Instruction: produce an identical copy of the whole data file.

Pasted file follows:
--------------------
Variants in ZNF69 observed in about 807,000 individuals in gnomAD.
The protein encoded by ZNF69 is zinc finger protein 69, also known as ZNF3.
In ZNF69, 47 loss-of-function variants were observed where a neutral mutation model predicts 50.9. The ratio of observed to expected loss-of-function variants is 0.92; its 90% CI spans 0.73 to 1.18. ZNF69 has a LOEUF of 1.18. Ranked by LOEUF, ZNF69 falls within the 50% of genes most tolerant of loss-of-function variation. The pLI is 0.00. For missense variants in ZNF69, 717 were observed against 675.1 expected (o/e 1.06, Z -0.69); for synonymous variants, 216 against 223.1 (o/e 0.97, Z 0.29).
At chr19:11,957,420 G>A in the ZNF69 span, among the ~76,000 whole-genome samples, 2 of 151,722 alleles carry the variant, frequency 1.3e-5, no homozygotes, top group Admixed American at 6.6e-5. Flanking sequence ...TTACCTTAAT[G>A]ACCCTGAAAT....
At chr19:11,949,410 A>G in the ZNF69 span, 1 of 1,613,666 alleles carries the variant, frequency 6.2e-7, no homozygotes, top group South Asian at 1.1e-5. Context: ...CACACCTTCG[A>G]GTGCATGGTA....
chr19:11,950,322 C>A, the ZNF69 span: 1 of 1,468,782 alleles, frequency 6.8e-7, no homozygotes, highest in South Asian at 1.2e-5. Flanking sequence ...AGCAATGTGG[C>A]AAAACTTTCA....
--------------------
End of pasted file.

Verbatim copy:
Variants in ZNF69 observed in about 807,000 individuals in gnomAD.
The protein encoded by ZNF69 is zinc finger protein 69, also known as ZNF3.
In ZNF69, 47 loss-of-function variants were observed where a neutral mutation model predicts 50.9. The ratio of observed to expected loss-of-function variants is 0.92; its 90% CI spans 0.73 to 1.18. ZNF69 has a LOEUF of 1.18. Ranked by LOEUF, ZNF69 falls within the 50% of genes most tolerant of loss-of-function variation. The pLI is 0.00. For missense variants in ZNF69, 717 were observed against 675.1 expected (o/e 1.06, Z -0.69); for synonymous variants, 216 against 223.1 (o/e 0.97, Z 0.29).
At chr19:11,957,420 G>A in the ZNF69 span, among the ~76,000 whole-genome samples, 2 of 151,722 alleles carry the variant, frequency 1.3e-5, no homozygotes, top group Admixed American at 6.6e-5. Flanking sequence ...TTACCTTAAT[G>A]ACCCTGAAAT....
At chr19:11,949,410 A>G in the ZNF69 span, 1 of 1,613,666 alleles carries the variant, frequency 6.2e-7, no homozygotes, top group South Asian at 1.1e-5. Context: ...CACACCTTCG[A>G]GTGCATGGTA....
chr19:11,950,322 C>A, the ZNF69 span: 1 of 1,468,782 alleles, frequency 6.8e-7, no homozygotes, highest in South Asian at 1.2e-5. Flanking sequence ...AGCAATGTGG[C>A]AAAACTTTCA....